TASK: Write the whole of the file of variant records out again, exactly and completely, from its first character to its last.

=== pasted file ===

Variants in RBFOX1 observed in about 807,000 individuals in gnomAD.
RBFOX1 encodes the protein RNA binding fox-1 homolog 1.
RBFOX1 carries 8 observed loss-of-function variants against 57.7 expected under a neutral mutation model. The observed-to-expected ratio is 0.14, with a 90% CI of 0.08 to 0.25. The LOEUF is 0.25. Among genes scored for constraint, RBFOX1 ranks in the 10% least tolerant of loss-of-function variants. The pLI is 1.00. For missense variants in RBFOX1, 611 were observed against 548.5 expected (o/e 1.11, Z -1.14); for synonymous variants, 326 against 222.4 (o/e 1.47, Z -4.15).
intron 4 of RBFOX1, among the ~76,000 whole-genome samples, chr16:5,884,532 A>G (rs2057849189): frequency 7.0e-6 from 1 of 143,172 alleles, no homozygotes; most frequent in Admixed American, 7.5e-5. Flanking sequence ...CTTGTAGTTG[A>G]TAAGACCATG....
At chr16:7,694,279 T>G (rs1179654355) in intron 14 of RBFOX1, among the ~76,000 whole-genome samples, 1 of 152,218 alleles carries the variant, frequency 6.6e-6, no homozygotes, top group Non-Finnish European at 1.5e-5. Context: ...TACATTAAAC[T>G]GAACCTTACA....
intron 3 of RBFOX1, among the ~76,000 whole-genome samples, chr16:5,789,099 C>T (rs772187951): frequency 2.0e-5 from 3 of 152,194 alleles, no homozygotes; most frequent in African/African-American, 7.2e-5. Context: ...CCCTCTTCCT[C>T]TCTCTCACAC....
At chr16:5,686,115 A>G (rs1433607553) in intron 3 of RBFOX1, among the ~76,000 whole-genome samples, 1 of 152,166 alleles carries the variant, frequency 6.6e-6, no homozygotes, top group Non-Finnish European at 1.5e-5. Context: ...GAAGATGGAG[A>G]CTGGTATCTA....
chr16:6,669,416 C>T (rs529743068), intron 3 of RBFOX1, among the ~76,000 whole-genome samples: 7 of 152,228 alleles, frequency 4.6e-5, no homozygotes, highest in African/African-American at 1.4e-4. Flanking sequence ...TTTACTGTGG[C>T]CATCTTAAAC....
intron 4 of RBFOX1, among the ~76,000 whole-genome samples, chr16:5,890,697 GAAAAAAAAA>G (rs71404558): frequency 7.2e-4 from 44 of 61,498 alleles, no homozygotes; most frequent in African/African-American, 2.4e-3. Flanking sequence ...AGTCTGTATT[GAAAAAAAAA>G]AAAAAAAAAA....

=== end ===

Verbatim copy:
Variants in RBFOX1 observed in about 807,000 individuals in gnomAD.
RBFOX1 encodes the protein RNA binding fox-1 homolog 1.
RBFOX1 carries 8 observed loss-of-function variants against 57.7 expected under a neutral mutation model. The observed-to-expected ratio is 0.14, with a 90% CI of 0.08 to 0.25. The LOEUF is 0.25. Among genes scored for constraint, RBFOX1 ranks in the 10% least tolerant of loss-of-function variants. The pLI is 1.00. For missense variants in RBFOX1, 611 were observed against 548.5 expected (o/e 1.11, Z -1.14); for synonymous variants, 326 against 222.4 (o/e 1.47, Z -4.15).
intron 4 of RBFOX1, among the ~76,000 whole-genome samples, chr16:5,884,532 A>G (rs2057849189): frequency 7.0e-6 from 1 of 143,172 alleles, no homozygotes; most frequent in Admixed American, 7.5e-5. Flanking sequence ...CTTGTAGTTG[A>G]TAAGACCATG....
At chr16:7,694,279 T>G (rs1179654355) in intron 14 of RBFOX1, among the ~76,000 whole-genome samples, 1 of 152,218 alleles carries the variant, frequency 6.6e-6, no homozygotes, top group Non-Finnish European at 1.5e-5. Context: ...TACATTAAAC[T>G]GAACCTTACA....
intron 3 of RBFOX1, among the ~76,000 whole-genome samples, chr16:5,789,099 C>T (rs772187951): frequency 2.0e-5 from 3 of 152,194 alleles, no homozygotes; most frequent in African/African-American, 7.2e-5. Context: ...CCCTCTTCCT[C>T]TCTCTCACAC....
At chr16:5,686,115 A>G (rs1433607553) in intron 3 of RBFOX1, among the ~76,000 whole-genome samples, 1 of 152,166 alleles carries the variant, frequency 6.6e-6, no homozygotes, top group Non-Finnish European at 1.5e-5. Context: ...GAAGATGGAG[A>G]CTGGTATCTA....
chr16:6,669,416 C>T (rs529743068), intron 3 of RBFOX1, among the ~76,000 whole-genome samples: 7 of 152,228 alleles, frequency 4.6e-5, no homozygotes, highest in African/African-American at 1.4e-4. Flanking sequence ...TTTACTGTGG[C>T]CATCTTAAAC....
intron 4 of RBFOX1, among the ~76,000 whole-genome samples, chr16:5,890,697 GAAAAAAAAA>G (rs71404558): frequency 7.2e-4 from 44 of 61,498 alleles, no homozygotes; most frequent in African/African-American, 2.4e-3. Flanking sequence ...AGTCTGTATT[GAAAAAAAAA>G]AAAAAAAAAA....